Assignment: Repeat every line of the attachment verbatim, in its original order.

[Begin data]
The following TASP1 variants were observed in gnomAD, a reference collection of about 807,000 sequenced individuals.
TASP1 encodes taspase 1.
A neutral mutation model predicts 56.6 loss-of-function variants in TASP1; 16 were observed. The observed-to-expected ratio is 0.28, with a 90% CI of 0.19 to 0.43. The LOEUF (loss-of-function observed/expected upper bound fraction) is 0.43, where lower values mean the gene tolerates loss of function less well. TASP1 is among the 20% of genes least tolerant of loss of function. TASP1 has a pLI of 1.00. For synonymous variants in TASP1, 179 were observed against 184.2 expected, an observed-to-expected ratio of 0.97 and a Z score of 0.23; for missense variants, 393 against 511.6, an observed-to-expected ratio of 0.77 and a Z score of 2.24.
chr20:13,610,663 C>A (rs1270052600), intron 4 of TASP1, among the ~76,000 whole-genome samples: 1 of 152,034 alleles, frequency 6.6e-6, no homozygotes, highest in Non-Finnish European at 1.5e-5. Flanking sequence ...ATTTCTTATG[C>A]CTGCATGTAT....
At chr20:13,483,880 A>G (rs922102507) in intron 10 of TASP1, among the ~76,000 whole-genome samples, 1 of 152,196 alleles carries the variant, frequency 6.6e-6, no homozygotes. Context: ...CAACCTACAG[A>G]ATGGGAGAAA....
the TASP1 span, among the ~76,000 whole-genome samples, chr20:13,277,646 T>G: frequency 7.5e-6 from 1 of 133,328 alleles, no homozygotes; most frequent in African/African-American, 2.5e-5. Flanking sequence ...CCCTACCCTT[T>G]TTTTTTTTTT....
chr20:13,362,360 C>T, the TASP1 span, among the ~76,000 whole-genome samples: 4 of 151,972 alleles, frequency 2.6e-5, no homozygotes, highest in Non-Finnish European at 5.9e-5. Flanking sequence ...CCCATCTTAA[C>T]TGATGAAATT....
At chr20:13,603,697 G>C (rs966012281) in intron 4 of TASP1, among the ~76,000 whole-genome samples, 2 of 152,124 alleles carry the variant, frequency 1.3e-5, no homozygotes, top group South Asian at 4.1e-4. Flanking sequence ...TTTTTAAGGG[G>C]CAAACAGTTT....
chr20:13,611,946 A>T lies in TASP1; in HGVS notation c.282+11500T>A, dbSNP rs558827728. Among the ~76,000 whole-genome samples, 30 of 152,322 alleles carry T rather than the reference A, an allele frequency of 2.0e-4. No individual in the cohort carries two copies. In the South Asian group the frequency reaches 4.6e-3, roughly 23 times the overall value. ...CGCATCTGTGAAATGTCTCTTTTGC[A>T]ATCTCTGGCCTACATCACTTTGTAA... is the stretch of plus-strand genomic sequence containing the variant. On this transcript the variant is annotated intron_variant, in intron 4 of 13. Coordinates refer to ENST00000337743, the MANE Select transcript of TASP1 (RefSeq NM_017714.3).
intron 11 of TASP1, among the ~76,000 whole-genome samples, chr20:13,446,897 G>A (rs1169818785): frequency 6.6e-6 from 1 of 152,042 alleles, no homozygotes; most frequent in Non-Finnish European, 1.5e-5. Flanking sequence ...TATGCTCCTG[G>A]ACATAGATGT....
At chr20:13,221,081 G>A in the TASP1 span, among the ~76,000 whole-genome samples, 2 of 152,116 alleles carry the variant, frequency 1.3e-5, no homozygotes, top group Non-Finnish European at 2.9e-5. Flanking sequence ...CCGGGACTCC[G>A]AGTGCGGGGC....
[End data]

The following TASP1 variants were observed in gnomAD, a reference collection of about 807,000 sequenced individuals.
TASP1 encodes taspase 1.
A neutral mutation model predicts 56.6 loss-of-function variants in TASP1; 16 were observed. The observed-to-expected ratio is 0.28, with a 90% CI of 0.19 to 0.43. The LOEUF (loss-of-function observed/expected upper bound fraction) is 0.43, where lower values mean the gene tolerates loss of function less well. TASP1 is among the 20% of genes least tolerant of loss of function. TASP1 has a pLI of 1.00. For synonymous variants in TASP1, 179 were observed against 184.2 expected, an observed-to-expected ratio of 0.97 and a Z score of 0.23; for missense variants, 393 against 511.6, an observed-to-expected ratio of 0.77 and a Z score of 2.24.
chr20:13,610,663 C>A (rs1270052600), intron 4 of TASP1, among the ~76,000 whole-genome samples: 1 of 152,034 alleles, frequency 6.6e-6, no homozygotes, highest in Non-Finnish European at 1.5e-5. Flanking sequence ...ATTTCTTATG[C>A]CTGCATGTAT....
At chr20:13,483,880 A>G (rs922102507) in intron 10 of TASP1, among the ~76,000 whole-genome samples, 1 of 152,196 alleles carries the variant, frequency 6.6e-6, no homozygotes. Context: ...CAACCTACAG[A>G]ATGGGAGAAA....
the TASP1 span, among the ~76,000 whole-genome samples, chr20:13,277,646 T>G: frequency 7.5e-6 from 1 of 133,328 alleles, no homozygotes; most frequent in African/African-American, 2.5e-5. Flanking sequence ...CCCTACCCTT[T>G]TTTTTTTTTT....
chr20:13,362,360 C>T, the TASP1 span, among the ~76,000 whole-genome samples: 4 of 151,972 alleles, frequency 2.6e-5, no homozygotes, highest in Non-Finnish European at 5.9e-5. Flanking sequence ...CCCATCTTAA[C>T]TGATGAAATT....
At chr20:13,603,697 G>C (rs966012281) in intron 4 of TASP1, among the ~76,000 whole-genome samples, 2 of 152,124 alleles carry the variant, frequency 1.3e-5, no homozygotes, top group South Asian at 4.1e-4. Flanking sequence ...TTTTTAAGGG[G>C]CAAACAGTTT....
chr20:13,611,946 A>T lies in TASP1; in HGVS notation c.282+11500T>A, dbSNP rs558827728. Among the ~76,000 whole-genome samples, 30 of 152,322 alleles carry T rather than the reference A, an allele frequency of 2.0e-4. No individual in the cohort carries two copies. In the South Asian group the frequency reaches 4.6e-3, roughly 23 times the overall value. ...CGCATCTGTGAAATGTCTCTTTTGC[A>T]ATCTCTGGCCTACATCACTTTGTAA... is the stretch of plus-strand genomic sequence containing the variant. On this transcript the variant is annotated intron_variant, in intron 4 of 13. Coordinates refer to ENST00000337743, the MANE Select transcript of TASP1 (RefSeq NM_017714.3).
intron 11 of TASP1, among the ~76,000 whole-genome samples, chr20:13,446,897 G>A (rs1169818785): frequency 6.6e-6 from 1 of 152,042 alleles, no homozygotes; most frequent in Non-Finnish European, 1.5e-5. Flanking sequence ...TATGCTCCTG[G>A]ACATAGATGT....
At chr20:13,221,081 G>A in the TASP1 span, among the ~76,000 whole-genome samples, 2 of 152,116 alleles carry the variant, frequency 1.3e-5, no homozygotes, top group Non-Finnish European at 2.9e-5. Flanking sequence ...CCGGGACTCC[G>A]AGTGCGGGGC....